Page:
The Writing Process
Heather Gudenkauf, the talented author of the blockbuster bestseller The Weight of Silence as well as These Things Happen, One Breath Away, and Little Mercies, invited me to participate in something called a blog roll, which is similar to a chain letter, in that if you choose to participate, you invite three more authors to participate and so on and so forth. All of us answer the same questions about our writing processes and it gives readers an opportunity to discover new authors and the unique ways in which we write. Heather has been a huge supporter of Hush Little Baby and of me as a new author and I am honored that she asked me to participate in this great idea.
1. What am I working on?
My new novel, title TBD, is in the hands of my editor and I am holding my breath that she is as enthusiastic about it as I am. Like Hush Little Baby it is a story about the lengths a mother will go to in order to protect her children but with a very different protagonist and very different circumstances.
2. How does my work differ from others of its genre?
I was very happy when Gone Girl by Gillian Flynn was published because it gave me something to hang my hat on. Hush Little Baby is like Gone Girl meets Sleeping with the Enemy. Suddenly my novel was easy to define. Gone Girl was a blockbuster in the sub-genre of suspense/thrillers known as psychological thrillers. The unique thing about this genre is that it is the psychological subtext that drives the story rather than blood and gore and chase scenes. These stories are about the characters' internal motivation and transformation during some horrifying/suspenseful/thrilling time in their lives.
The beautiful thing about this genre is, because the story is more internal than external, the stories are as individual as their characters and the authors who create them. A chase scene is a chase scene, but if you create a story that explores the psychology behind an adrenaline junkie with a death wish who races around a city pulling off daring heists for no reason other than the thrill, you end up with a story less about squealing tires and more about the twisted mind of someone with their foot on the gas pedal racing irrationally toward an early grave.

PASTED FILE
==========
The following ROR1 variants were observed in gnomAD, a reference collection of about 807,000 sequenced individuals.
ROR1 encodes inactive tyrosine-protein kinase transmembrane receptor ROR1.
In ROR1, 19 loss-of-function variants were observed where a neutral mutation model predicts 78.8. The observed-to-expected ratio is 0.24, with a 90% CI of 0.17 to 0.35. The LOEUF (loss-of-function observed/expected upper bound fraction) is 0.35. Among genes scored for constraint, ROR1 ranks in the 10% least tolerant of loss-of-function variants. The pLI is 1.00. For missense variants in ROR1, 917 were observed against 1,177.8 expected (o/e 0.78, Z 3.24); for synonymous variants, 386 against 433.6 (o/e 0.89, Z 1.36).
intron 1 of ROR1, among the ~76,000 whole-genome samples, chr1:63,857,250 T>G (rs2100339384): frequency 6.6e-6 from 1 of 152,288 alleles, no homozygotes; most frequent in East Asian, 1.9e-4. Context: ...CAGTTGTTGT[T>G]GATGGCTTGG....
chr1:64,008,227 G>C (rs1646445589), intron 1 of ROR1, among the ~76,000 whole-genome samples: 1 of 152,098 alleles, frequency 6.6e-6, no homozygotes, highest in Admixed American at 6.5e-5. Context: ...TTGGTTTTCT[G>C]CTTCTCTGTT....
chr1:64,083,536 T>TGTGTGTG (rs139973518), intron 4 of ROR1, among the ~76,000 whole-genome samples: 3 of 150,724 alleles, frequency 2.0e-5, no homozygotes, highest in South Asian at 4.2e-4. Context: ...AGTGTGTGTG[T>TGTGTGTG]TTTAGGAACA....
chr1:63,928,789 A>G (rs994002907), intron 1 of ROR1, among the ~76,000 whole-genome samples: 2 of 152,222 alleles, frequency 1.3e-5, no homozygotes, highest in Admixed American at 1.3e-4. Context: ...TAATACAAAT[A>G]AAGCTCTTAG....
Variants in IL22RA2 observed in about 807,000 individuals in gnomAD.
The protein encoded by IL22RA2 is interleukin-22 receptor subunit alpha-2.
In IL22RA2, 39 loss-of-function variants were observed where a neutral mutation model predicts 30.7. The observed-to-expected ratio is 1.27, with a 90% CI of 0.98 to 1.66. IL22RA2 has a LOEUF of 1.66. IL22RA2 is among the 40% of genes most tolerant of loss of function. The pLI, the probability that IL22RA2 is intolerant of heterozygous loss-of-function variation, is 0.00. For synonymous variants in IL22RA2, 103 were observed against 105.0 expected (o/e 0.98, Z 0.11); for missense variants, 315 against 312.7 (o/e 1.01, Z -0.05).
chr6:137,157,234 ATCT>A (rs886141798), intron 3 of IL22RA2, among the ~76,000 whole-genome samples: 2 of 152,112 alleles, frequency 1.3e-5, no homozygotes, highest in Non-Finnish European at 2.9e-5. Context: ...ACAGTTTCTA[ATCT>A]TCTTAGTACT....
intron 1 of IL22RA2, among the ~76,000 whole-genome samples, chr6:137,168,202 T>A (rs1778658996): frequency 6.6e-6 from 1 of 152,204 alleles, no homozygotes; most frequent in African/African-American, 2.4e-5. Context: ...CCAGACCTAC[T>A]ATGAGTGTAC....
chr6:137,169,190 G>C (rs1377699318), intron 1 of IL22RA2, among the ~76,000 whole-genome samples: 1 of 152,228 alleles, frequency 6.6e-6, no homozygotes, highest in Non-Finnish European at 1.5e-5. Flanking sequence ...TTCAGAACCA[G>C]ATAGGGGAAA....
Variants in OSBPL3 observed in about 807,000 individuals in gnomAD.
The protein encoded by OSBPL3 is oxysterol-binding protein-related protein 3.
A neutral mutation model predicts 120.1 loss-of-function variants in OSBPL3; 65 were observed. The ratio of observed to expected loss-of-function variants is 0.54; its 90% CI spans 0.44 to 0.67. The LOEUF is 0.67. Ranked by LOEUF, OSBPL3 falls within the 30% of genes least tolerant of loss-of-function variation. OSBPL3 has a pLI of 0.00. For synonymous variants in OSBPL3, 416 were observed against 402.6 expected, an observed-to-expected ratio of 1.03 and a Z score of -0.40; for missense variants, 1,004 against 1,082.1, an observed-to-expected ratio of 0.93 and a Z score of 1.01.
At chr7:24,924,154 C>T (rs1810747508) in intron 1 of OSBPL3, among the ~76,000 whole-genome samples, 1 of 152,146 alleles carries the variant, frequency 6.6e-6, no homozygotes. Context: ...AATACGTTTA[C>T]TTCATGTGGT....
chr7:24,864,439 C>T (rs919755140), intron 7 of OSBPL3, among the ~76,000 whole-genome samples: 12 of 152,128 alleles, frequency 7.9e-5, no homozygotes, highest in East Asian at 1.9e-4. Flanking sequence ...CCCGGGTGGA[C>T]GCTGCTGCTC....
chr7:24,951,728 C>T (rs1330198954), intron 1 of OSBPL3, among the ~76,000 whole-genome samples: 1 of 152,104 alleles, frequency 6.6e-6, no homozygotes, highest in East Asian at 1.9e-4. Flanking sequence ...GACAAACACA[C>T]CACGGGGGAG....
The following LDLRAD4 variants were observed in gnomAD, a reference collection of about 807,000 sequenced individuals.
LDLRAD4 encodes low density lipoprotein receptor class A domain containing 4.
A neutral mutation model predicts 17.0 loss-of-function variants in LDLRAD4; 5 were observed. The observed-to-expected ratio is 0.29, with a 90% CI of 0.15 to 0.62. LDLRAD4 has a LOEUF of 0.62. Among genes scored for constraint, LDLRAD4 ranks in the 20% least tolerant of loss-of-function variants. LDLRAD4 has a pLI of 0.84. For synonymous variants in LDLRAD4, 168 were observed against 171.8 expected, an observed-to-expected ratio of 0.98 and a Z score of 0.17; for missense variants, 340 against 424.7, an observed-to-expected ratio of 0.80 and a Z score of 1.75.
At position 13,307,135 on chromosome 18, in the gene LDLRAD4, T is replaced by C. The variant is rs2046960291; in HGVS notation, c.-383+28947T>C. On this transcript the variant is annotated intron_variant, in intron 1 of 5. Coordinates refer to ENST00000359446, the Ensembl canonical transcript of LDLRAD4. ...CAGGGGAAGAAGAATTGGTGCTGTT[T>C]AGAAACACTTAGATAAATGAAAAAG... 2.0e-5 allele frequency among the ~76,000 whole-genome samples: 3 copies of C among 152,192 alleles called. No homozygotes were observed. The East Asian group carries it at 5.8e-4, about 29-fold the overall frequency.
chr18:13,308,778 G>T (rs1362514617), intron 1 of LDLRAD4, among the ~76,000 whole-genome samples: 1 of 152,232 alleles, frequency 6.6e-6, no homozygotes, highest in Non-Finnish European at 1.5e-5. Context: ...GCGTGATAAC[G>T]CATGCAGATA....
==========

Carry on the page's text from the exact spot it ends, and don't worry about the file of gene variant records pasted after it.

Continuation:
On the surface Hush Little Baby is a story about domestic violence, but what sets it apart from other novels on the subject is that it did not start out as a book about domestic violence, it started as an idea about the evil and good in each of us and what could drive someone who is fundamentally good to do something evil and vice versa. Focusing on the psychology behind the abuse and how it affected my characters was a unique approach to an age-old subject that's been written about a thousand times before.
3. Why do I write what I do?
Writing is the most creative art form there is, you are literally master of the universe. You control your your characters and everything that happens to them. As such, it's voyeuristic, a chance to witness life in the most intimate way from a perspective not your own, to experience adventures, emotions, thrills, and peril that don't exist in typical everyday life. Spending my days sitting in my PJs with my dog at my feet as I pretend I'm a kickass adrenaline junkie, modern day Robin Hood racing through the streets with a death wish is the best job in the world.
4. How does my writing process work?
Process? The word sounds so rational and methodical. My approach is more like a mad-chemist experiment. I start with a vague, abstract idea then read everything I can find on the subject – taking notes, highlighting, writing bits and pieces in fervent frenzy as ideas come to me. Reams and reams of torn notebook pages, post-its, dog-eared books, and index cards litter my life. My thoughts and dreams become single-minded and obsessive, spinning endlessly and going off on tangents that lead to more ideas and more chaos, until, inevitably, information overload causes a complete meltdown and I become convinced that the only thing to come from my heap of effort is going to be a toasty bonfire for roasting marshmallows.
This is when I do what any writer worth her salt does, I quit and decide to start a new career. Dog walker is usually top of my list – minimal stress, straight forward, no human characters to deal with. This pathetic moping and hopelessness lasts until the writing gods take mercy, hold an intervention, and wake me in the middle of the night with a jolt of inspiration – a character, a first line, a plot idea. Then it's a matter of grabbing hold and hanging on, of showing up day after day until the story unfolds, the characters come to life, and I manage to wrangle the words into enough coherence for them to not get in the way.
5. And the other part of this question,
how does my writing process not work?
One of these days the writing gods are going to bail on me and I'm going to end up a dog walker.